I spent the last two weeks at Elsewhere Museum in Greensboro, North Carolina. It was, I have to say, a pretty special place and most of this post is about it. But the day before I left, Tim and I decided to go on a 70km bike ride on bikes that are not made for distances. TIm made it no problem, and I made it with minimal whining, which I guess is an achievement. It was a lot of fun, but I stepped gingerly into Greensboro. My legs hurt for days! We rode to the Marine Museum on Crescent Beach, known for its collection of deformed lobster claws and a rosary pulled from the mouth of a giant cod. It was a pretty cool place, and a pretty good portent of Elsewhere.
Halfway through the journey!
We went to the lovely Magnolia Grill the night before I left for North Carolina. Delicious halibut steak! A good piece of Nova Scotia, a loooong journey and then…
I find my experience at Elsewhere hard to put into words. It was magical, and crazy, and thought-provoking, and sweaty, and fun, and exhausting. There was hard work, and cooking, and skipping races, and 8am portraits, and roller skating through the collection, and carving, and more carving, and re-arranging, and rummy sessions, and a human cuckoo clock, and a race to the roof to take down a giant rainbow banner as a storm came in, and a lot of hot sauce (this hot sauce, to be exact. I am now addicted). Elsewhere is a thrift store turned into a living museum, where I stayed for a two week residency. It looks like this on the first floor (which is open to the public):
There are artists’ works throughout the space. This is one of my favourites. It’s called Core Sample, and it is exactly what it sounds like, a core sample through each of the three floors of the collection.
Kitchen Commons – making food is part of the museum experience.
Guerra de la Paz installation.
Poetry with books.
Garden in the back alley behind Elsewhere.
The second floor has a lot of artist’s projects.
The Mirror Room
The Ribbon Room
A repair in the wall
And odd objects everywhere.
This is another work I liked. It’s an exact replica on the ceiling of the second floor, of a linoleum rug right above it on the third floor.
That rug is in the Ghost Room. It was the only room in the building that wasn’t full of stuff. In fact, it was totally empty. And now it’s haunted.
At the other end of the building is a pretty impressive wood studio.
A drawing of the reflection of a whole mess of coathangers.
The super creepy Dollnado room.
Everyone does a project as part of their residency, and mine was to tackle this staircase.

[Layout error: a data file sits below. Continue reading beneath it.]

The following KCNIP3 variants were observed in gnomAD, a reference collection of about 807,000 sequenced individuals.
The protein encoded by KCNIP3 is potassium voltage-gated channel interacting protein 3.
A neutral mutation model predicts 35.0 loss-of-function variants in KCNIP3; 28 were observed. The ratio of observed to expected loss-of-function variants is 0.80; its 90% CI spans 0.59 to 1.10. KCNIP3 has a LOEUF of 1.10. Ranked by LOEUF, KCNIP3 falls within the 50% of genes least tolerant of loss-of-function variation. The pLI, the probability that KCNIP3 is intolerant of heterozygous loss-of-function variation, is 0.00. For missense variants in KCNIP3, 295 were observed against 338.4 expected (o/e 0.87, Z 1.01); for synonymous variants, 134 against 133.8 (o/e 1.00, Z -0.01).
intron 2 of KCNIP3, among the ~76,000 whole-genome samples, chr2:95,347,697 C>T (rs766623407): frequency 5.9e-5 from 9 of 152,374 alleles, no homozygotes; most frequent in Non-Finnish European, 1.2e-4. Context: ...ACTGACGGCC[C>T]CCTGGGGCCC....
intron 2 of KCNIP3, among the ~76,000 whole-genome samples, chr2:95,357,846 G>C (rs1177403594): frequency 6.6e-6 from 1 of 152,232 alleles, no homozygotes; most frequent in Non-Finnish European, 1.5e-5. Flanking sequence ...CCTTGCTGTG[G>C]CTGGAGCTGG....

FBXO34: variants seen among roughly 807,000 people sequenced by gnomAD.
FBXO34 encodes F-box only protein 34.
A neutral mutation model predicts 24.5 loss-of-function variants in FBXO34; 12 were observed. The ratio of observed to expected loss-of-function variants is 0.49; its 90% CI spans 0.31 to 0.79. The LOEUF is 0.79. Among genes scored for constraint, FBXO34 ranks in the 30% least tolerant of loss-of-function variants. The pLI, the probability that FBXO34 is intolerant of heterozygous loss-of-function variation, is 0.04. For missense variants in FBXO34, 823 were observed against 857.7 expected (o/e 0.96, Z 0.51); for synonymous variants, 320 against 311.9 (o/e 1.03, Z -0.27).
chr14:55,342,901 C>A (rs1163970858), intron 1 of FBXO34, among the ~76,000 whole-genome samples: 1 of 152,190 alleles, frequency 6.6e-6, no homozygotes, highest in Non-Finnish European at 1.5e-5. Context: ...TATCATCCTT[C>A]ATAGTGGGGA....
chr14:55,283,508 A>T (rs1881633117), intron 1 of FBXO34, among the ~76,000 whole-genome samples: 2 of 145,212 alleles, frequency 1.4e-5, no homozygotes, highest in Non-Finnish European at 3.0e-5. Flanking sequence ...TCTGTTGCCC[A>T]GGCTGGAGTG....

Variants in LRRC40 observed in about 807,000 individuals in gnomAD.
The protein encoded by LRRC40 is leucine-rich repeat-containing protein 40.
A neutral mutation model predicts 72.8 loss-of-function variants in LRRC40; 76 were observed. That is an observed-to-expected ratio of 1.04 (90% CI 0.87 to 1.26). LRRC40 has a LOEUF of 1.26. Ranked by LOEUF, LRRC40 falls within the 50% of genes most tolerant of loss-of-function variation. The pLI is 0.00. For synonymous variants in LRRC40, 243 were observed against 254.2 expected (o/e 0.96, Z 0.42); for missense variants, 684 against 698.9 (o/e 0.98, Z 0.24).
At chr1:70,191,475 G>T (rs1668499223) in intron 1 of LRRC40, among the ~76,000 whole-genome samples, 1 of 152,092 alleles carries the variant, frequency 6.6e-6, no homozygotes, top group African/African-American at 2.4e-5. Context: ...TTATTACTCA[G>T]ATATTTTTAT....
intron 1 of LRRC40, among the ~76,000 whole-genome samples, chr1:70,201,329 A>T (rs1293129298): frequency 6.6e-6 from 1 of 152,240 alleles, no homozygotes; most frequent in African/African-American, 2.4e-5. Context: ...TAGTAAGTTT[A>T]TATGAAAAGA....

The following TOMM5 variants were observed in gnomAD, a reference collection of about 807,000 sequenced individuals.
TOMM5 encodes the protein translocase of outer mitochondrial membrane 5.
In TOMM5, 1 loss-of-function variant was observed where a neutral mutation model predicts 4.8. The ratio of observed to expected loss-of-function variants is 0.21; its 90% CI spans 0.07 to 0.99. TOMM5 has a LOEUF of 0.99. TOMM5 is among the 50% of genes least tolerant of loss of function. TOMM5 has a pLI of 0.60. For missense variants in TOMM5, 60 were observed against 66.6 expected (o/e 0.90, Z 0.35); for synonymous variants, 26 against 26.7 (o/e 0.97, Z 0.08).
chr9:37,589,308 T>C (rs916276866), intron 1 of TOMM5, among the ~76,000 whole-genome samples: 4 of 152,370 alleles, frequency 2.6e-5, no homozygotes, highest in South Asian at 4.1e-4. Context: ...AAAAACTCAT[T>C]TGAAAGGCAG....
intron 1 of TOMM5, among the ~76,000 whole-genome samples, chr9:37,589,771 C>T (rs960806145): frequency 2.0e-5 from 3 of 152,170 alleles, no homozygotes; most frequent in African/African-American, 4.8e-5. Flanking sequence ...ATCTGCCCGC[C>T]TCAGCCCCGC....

Not surprisingly, I was intrigued by the textiles in the collection, many of which had been made and bought in Greensborough. I played on the term wear and tear, because the stairs already showed signs of the use of the house. I traced the pattern from one of the textiles, and carved that into the staircase, along with a line from a 1938 poem written by a North Carolina millworker named Mary Bryant talking about conditions in the mill (the half can never be known), and a rhyme that played on the link between climbing the stairs and weaving (right left warp weft). One of the most interesting things about the project was that as I was carving, I kept smelling coal dust from the old fire places in the building. Like all of the projects in the building, this one will likely only be ephemeral. The staircase is being redone in November.
It was hard work.
So I took a few breaks….
And my fellow-artist Bridget Beck and I, along with a bunch of others, had fun with the 8am Portrait Society. The rules were that you had to get up at 8am (bedhead encouraged), there had to be one thing the same every day (mine was the scarf and the lipstick), a backdrop made from a textile, we had to wear something from the collection, and hold something with eyes. Then Bridget drew them. It was hilarious and amazing, and it definitely resulted in the best picture that has ever been taken of me (the green dress one… obviously).
I had an amazing time at Elsewhere. It was inspirational to see what they are doing. And of course, there were many magical moments. My journey home was not a lot of fun – it was long and for some reason I was routed through Chicago and then had to travel back to Nova Scotia. I missed Tim and Lucy a lot though, so it was nice to be home. Next up – a writing retreat in Kingsburg, Nova Scotia.